Secret TA: Biting, Books and a bit of Blubbering!

Posted by on

Bite Marks: 0

Stress Level: 2

Holiday Countdown: It’s here 😊

I can still see the ghost of one of last week’s bite marks, but it’s been at least five days since that lovely little gift, so it doesn’t count. 

It must be an evolutionary thing that makes kids able to source out the most delicate bits of a skin on an adult’s body; and then inflict searing pain upon it!  Last weeks was the underside of the forearm, near the elbow.  We were casually walking along the school corridor and then out of nowhere, CHOMP!

Anyway, I should probably introduce myself - as much as I possibly can anyway.  I am a Teaching Assistant working in a Primary School in Hertfordshire.  I can’t say more than that because if my Headteacher finds out, a bite would be the least of my worries!

None of my friends work in education (seemingly, I’m the only one in the group that prefers to make life intentionally tricky for myself) and when I do find myself able to stop the ‘non-threatening, slowly spoken and very evenly spaced’ Primary School voice and interact with other grown-ups the response to my stories is very often the same…

How do you do it?

The simple answer that every day is different, and every day there is a different answer to that question.  Sometimes it’s the look of sheer relief in Mum’s eyes when she drops her little one off in the morning because her little bundle of joy has been a Tasmanian Devil for the last 12 hours and then other times it’s when that Tasmanian Devil decides entirely on their own that they want to sit down calmly and join in an activity!

But sometimes I absolutely know that I’m in the right place, and last week I had one of those moments…

Since September I have working with a kid that is on the Autistic Spectrum who is only in school for about half of the day, because any more than that is too much (I have to be really careful to not use pronouns or identifying traits so bear with me). Every day we do a lot of what I am sure looks like running around, splashing water and using the little rubber animals to put on an amateur production of The Lion King.  I must stress that I am usually putting on this dynamic production with lots of commands coming from my Key Stage 1 would be Stage Director… An entirely non-verbal Stage Director.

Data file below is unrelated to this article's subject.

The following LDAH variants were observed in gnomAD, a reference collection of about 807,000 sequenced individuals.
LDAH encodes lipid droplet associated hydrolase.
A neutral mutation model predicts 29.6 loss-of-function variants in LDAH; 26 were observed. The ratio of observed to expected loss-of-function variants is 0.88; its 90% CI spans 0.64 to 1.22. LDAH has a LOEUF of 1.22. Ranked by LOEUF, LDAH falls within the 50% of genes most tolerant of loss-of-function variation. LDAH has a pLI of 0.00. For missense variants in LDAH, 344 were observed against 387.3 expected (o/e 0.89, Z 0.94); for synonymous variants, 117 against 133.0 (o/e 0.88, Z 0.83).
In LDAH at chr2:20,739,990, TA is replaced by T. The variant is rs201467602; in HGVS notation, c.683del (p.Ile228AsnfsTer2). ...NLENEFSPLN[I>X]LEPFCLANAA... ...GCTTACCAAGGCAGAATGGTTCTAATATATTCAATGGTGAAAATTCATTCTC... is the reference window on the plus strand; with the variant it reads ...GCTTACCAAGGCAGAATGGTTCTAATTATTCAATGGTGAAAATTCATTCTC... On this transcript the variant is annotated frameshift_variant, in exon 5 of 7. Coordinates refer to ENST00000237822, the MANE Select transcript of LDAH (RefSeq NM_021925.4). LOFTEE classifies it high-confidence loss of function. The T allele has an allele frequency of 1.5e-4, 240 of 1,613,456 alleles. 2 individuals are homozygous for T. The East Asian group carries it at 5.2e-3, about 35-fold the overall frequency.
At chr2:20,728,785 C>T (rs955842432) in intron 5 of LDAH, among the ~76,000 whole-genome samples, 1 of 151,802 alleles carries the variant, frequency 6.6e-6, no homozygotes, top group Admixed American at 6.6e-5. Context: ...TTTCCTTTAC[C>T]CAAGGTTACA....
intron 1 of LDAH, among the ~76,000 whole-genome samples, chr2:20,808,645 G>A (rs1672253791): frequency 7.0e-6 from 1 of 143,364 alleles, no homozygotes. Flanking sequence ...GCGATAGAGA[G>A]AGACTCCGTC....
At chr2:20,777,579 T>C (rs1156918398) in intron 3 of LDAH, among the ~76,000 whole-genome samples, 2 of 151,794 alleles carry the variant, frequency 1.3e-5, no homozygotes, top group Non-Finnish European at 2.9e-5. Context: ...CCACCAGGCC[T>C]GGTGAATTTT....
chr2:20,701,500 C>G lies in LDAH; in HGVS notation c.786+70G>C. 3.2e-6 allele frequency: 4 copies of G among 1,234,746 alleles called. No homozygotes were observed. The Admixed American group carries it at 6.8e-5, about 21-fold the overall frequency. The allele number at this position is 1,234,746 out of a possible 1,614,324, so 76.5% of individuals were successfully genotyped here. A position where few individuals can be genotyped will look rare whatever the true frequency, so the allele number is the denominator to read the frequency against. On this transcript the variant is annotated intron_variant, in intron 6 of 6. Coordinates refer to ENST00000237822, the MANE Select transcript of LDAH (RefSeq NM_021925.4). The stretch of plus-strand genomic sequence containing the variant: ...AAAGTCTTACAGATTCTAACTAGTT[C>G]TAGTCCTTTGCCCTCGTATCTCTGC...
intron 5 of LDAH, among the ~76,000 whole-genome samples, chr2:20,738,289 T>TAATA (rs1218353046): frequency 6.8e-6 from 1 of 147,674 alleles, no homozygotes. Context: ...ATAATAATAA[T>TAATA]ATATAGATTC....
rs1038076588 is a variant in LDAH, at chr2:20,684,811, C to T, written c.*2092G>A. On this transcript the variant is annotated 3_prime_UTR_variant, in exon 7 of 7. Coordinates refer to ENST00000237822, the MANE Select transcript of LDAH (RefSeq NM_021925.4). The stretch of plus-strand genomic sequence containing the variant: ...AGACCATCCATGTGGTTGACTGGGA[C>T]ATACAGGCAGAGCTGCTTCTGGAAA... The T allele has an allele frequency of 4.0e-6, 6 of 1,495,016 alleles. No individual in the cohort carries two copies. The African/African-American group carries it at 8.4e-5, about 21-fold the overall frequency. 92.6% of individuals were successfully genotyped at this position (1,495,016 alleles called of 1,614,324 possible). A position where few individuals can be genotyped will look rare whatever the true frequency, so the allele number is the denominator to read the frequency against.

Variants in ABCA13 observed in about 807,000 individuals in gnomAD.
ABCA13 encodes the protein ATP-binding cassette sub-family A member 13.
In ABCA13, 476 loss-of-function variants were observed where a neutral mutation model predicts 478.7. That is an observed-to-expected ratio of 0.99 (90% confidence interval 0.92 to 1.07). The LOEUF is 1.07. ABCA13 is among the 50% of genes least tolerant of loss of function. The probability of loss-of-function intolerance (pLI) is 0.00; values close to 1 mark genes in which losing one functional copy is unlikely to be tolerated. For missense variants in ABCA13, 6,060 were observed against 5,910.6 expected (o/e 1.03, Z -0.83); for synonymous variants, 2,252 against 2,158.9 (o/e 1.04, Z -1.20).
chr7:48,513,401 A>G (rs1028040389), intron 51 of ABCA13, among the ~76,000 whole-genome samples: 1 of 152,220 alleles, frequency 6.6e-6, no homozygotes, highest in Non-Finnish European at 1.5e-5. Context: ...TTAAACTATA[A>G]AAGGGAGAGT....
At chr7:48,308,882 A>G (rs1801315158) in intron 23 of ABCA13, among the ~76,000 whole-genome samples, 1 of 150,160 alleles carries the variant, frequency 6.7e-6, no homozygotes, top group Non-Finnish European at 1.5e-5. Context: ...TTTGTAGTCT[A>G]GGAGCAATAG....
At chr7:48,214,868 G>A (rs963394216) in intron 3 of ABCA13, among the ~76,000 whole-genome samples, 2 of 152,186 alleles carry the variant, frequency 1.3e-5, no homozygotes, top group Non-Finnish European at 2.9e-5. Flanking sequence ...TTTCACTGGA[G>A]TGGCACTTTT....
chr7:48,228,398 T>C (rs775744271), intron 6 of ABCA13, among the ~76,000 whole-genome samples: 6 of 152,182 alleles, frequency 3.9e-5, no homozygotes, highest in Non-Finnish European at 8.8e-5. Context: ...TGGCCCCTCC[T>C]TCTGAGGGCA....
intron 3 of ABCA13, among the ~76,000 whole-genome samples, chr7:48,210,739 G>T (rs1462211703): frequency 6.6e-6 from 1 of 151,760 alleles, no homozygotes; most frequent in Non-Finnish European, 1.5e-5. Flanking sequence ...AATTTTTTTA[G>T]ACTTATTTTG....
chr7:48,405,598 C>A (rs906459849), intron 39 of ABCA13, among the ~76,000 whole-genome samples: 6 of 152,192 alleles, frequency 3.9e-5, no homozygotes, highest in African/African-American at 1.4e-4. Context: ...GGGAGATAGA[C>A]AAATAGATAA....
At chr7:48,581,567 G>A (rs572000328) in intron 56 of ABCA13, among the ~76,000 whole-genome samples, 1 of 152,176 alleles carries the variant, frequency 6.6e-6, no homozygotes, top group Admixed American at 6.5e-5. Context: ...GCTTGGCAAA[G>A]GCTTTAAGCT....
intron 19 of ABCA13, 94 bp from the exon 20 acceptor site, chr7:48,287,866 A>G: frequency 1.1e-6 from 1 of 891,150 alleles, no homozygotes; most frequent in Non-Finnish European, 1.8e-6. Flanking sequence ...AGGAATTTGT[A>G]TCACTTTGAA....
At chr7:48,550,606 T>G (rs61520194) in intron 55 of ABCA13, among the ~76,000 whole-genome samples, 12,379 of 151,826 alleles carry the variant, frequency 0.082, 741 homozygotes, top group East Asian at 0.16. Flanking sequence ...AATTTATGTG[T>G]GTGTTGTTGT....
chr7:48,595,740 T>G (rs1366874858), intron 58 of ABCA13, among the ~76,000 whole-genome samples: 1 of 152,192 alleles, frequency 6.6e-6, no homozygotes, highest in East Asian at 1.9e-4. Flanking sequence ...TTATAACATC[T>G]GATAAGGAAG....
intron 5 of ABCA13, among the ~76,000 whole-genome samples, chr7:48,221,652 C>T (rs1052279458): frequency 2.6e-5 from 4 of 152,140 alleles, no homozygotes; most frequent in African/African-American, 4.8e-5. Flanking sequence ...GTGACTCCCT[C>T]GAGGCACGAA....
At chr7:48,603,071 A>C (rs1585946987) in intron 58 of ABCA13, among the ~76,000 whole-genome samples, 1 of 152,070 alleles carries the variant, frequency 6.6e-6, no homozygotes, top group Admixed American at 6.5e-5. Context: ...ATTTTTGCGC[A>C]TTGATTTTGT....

Just when I seemed to be hitting ‘The Half Term Wall of Exhaustion’, we stayed inside for break because it was raining.  I was led to the reading corner by a surprisingly low energy version of a child that would normally be bouncing around outside at this point like a Proton in search of a Neutron.

“No Lion King today?” I asked whilst secretly praying to the god of small mercies that I wasn’t inviting a world of pain into my day.

I dutifully followed the lead and after we had made ourselves comfortable in the bean bags (side note: a bean bag made for a child is NOT comfortable for a grow up man in ANY way). Within minutes, with the back of the book on the child’s knee and the front of it on my own, we started our very familiar journey through Dear Zoo by Rod Campbell.

As they lifted the flap on the first animal I said, as I did every time, “Elephant”.

Then, “Giraffe”.

We turned the page and the little flap hiding the Lion was lifted and I heard, “CAT!”.

For a second I felt suspended from reality, then my neck snapped up to see if it was another kid that had wandered close to us.  We were alone.

Then I locked eyes with the Class Teacher and we both knew it has just happened; this non-verbal little bundle of energy had made the connection between the words ‘Cat’ and the picture of the Lion and had let us know! 

I’m not ashamed to say that both of our eyes welled up visibly.  I put my arm around that little shoulder next to me and with a little squeeze of both recognition and appreciation we carried on with our book.

Next: Back With A Bite!

Recent blogs